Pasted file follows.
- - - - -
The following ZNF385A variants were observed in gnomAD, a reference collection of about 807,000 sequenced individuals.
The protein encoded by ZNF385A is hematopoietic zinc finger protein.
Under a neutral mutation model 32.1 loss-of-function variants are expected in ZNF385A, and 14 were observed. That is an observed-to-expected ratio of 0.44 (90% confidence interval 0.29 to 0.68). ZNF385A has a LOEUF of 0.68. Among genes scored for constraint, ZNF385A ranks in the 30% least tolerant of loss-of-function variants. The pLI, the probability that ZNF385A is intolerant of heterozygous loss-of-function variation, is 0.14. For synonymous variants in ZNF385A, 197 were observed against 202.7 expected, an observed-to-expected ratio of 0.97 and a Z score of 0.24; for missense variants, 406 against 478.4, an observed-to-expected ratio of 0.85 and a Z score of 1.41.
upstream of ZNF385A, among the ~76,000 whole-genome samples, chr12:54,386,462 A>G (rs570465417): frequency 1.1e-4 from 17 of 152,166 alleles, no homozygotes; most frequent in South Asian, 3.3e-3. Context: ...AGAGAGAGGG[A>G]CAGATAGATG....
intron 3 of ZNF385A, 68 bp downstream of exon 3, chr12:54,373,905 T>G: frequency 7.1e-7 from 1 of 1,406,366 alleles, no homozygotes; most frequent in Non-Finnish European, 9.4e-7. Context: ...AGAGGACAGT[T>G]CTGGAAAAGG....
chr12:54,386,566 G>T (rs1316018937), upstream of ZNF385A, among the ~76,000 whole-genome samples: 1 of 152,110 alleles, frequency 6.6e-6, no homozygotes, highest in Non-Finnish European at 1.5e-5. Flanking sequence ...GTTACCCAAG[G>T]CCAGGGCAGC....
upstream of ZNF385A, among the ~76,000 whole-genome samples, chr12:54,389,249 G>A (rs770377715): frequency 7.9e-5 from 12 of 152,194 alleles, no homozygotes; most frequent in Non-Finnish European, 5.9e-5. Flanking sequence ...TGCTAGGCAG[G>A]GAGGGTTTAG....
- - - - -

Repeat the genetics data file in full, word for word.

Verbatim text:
The following ZNF385A variants were observed in gnomAD, a reference collection of about 807,000 sequenced individuals.
The protein encoded by ZNF385A is hematopoietic zinc finger protein.
Under a neutral mutation model 32.1 loss-of-function variants are expected in ZNF385A, and 14 were observed. That is an observed-to-expected ratio of 0.44 (90% confidence interval 0.29 to 0.68). ZNF385A has a LOEUF of 0.68. Among genes scored for constraint, ZNF385A ranks in the 30% least tolerant of loss-of-function variants. The pLI, the probability that ZNF385A is intolerant of heterozygous loss-of-function variation, is 0.14. For synonymous variants in ZNF385A, 197 were observed against 202.7 expected, an observed-to-expected ratio of 0.97 and a Z score of 0.24; for missense variants, 406 against 478.4, an observed-to-expected ratio of 0.85 and a Z score of 1.41.
upstream of ZNF385A, among the ~76,000 whole-genome samples, chr12:54,386,462 A>G (rs570465417): frequency 1.1e-4 from 17 of 152,166 alleles, no homozygotes; most frequent in South Asian, 3.3e-3. Context: ...AGAGAGAGGG[A>G]CAGATAGATG....
intron 3 of ZNF385A, 68 bp downstream of exon 3, chr12:54,373,905 T>G: frequency 7.1e-7 from 1 of 1,406,366 alleles, no homozygotes; most frequent in Non-Finnish European, 9.4e-7. Context: ...AGAGGACAGT[T>G]CTGGAAAAGG....
chr12:54,386,566 G>T (rs1316018937), upstream of ZNF385A, among the ~76,000 whole-genome samples: 1 of 152,110 alleles, frequency 6.6e-6, no homozygotes, highest in Non-Finnish European at 1.5e-5. Flanking sequence ...GTTACCCAAG[G>T]CCAGGGCAGC....
upstream of ZNF385A, among the ~76,000 whole-genome samples, chr12:54,389,249 G>A (rs770377715): frequency 7.9e-5 from 12 of 152,194 alleles, no homozygotes; most frequent in Non-Finnish European, 5.9e-5. Flanking sequence ...TGCTAGGCAG[G>A]GAGGGTTTAG....